Of the 88 events, 17 resulted in total loss of the ship and 31 others were considered serious, sufficient to require repairs before the ship could continue trading.
Figure 1 shows the fire/explosion frequencies in each year. Although there are many random variations year-to-year, it is clear there have been fewer accidents in recent years, and hence, the average frequencies may be pessimistic if applied to current operations. The reduction in frequency since the mid-1980s may be due to the progressive introduction of inert gas systems, segregated ballast tanks and double hulls. By 2010, these were fitted to the entire fleet, but as there have been so few accidents since, it is not yet possible to obtain robust results from this period alone. Using the population of double hull tankers alone, the frequency is 3.9 x 10-4 per tanker year, with an uncertainty range of roughly a factor of 2 higher or lower.
The DNV GL analysis considered the reasons why explosion frequency was much lower on double hull tankers than on the single hull tankers that were in service up to 2010. Double hulls are mainly intended to prevent oil spills and this may help prevent tank explosions originating from these. However, they introduce explosion hazards in the double hull spaces. The research found that the explanation is not related to the double hull as such, but to the fact that most double hull tankers are relatively new, and newer tankers tend to experience fewer accidents than older vessels.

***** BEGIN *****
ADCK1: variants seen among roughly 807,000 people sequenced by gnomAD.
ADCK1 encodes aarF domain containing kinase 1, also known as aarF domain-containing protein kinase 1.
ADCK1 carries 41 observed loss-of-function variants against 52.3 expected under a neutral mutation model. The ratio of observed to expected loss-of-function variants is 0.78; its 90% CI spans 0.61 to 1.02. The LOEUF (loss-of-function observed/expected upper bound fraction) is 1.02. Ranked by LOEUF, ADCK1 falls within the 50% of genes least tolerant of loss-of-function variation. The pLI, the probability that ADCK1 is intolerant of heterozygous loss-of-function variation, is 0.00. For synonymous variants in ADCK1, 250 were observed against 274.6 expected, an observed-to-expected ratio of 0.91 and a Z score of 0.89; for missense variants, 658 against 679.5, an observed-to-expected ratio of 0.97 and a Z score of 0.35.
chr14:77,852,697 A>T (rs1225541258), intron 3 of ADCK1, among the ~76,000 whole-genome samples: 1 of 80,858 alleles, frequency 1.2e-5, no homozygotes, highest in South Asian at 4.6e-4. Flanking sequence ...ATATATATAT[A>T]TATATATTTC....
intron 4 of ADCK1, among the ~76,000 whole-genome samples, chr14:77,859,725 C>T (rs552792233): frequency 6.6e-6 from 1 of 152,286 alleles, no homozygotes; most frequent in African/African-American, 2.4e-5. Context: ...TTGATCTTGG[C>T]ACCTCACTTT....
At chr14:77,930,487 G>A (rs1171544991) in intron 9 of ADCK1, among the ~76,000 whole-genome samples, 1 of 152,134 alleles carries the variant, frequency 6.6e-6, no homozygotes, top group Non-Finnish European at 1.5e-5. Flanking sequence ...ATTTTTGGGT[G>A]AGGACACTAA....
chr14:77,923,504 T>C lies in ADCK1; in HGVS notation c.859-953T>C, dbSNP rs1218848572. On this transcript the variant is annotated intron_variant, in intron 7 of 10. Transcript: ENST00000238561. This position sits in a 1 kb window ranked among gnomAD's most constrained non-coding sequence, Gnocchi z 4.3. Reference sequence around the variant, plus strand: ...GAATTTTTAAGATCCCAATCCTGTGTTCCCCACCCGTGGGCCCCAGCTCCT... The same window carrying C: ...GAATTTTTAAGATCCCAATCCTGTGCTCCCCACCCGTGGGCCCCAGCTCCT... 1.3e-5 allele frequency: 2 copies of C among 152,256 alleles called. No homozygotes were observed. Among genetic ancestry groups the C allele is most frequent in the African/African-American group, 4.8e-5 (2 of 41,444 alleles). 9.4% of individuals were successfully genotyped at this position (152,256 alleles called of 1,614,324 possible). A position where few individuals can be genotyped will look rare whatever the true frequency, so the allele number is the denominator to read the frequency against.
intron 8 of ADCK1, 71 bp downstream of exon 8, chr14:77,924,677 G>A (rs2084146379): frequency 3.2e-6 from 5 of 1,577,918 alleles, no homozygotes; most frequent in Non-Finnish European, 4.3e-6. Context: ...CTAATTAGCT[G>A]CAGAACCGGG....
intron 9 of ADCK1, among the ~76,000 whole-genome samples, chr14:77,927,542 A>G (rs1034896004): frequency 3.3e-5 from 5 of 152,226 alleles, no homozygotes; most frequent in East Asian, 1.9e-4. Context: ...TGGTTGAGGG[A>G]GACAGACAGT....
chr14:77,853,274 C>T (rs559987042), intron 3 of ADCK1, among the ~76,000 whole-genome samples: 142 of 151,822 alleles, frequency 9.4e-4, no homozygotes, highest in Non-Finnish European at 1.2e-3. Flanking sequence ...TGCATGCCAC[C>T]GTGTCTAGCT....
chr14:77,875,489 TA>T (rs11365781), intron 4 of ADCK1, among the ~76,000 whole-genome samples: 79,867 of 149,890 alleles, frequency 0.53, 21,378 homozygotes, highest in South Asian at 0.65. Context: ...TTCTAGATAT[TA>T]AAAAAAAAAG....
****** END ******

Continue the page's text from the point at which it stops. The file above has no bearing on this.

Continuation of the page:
Therefore, although the trend shows steady improvement over the last decade, it may be optimistic to expect the frequency to continue reducing. Recent regulations have resulted in a very high proportion of the fleet being new tankers, whose accident frequency is likely to increase as the vessels age. So, it is possible that the trend will reverse, as it did following the dip in accidents shown in Figure 1 shows around 1995.
Application to FPSO units